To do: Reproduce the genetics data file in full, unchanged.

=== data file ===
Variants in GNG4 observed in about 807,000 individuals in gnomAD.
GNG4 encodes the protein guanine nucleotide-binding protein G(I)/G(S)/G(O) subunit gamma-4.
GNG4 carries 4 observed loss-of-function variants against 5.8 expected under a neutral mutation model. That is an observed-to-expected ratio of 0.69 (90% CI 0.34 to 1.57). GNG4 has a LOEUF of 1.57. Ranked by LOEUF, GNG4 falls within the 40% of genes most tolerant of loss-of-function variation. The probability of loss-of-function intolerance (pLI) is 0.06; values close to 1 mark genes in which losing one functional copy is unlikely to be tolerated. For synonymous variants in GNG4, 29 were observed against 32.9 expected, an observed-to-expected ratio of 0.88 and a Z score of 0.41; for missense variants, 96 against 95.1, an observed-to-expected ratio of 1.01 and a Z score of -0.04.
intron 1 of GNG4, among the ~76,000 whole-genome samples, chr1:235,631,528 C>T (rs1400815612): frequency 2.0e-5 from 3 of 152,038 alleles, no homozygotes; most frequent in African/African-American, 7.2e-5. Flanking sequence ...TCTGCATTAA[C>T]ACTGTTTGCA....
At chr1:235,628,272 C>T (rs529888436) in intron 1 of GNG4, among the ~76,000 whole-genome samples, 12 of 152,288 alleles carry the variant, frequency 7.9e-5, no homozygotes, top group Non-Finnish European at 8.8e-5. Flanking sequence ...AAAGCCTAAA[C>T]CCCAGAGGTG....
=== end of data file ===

Variants in GNG4 observed in about 807,000 individuals in gnomAD.
GNG4 encodes the protein guanine nucleotide-binding protein G(I)/G(S)/G(O) subunit gamma-4.
GNG4 carries 4 observed loss-of-function variants against 5.8 expected under a neutral mutation model. That is an observed-to-expected ratio of 0.69 (90% CI 0.34 to 1.57). GNG4 has a LOEUF of 1.57. Ranked by LOEUF, GNG4 falls within the 40% of genes most tolerant of loss-of-function variation. The probability of loss-of-function intolerance (pLI) is 0.06; values close to 1 mark genes in which losing one functional copy is unlikely to be tolerated. For synonymous variants in GNG4, 29 were observed against 32.9 expected, an observed-to-expected ratio of 0.88 and a Z score of 0.41; for missense variants, 96 against 95.1, an observed-to-expected ratio of 1.01 and a Z score of -0.04.
intron 1 of GNG4, among the ~76,000 whole-genome samples, chr1:235,631,528 C>T (rs1400815612): frequency 2.0e-5 from 3 of 152,038 alleles, no homozygotes; most frequent in African/African-American, 7.2e-5. Flanking sequence ...TCTGCATTAA[C>T]ACTGTTTGCA....
At chr1:235,628,272 C>T (rs529888436) in intron 1 of GNG4, among the ~76,000 whole-genome samples, 12 of 152,288 alleles carry the variant, frequency 7.9e-5, no homozygotes, top group Non-Finnish European at 8.8e-5. Flanking sequence ...AAAGCCTAAA[C>T]CCCAGAGGTG....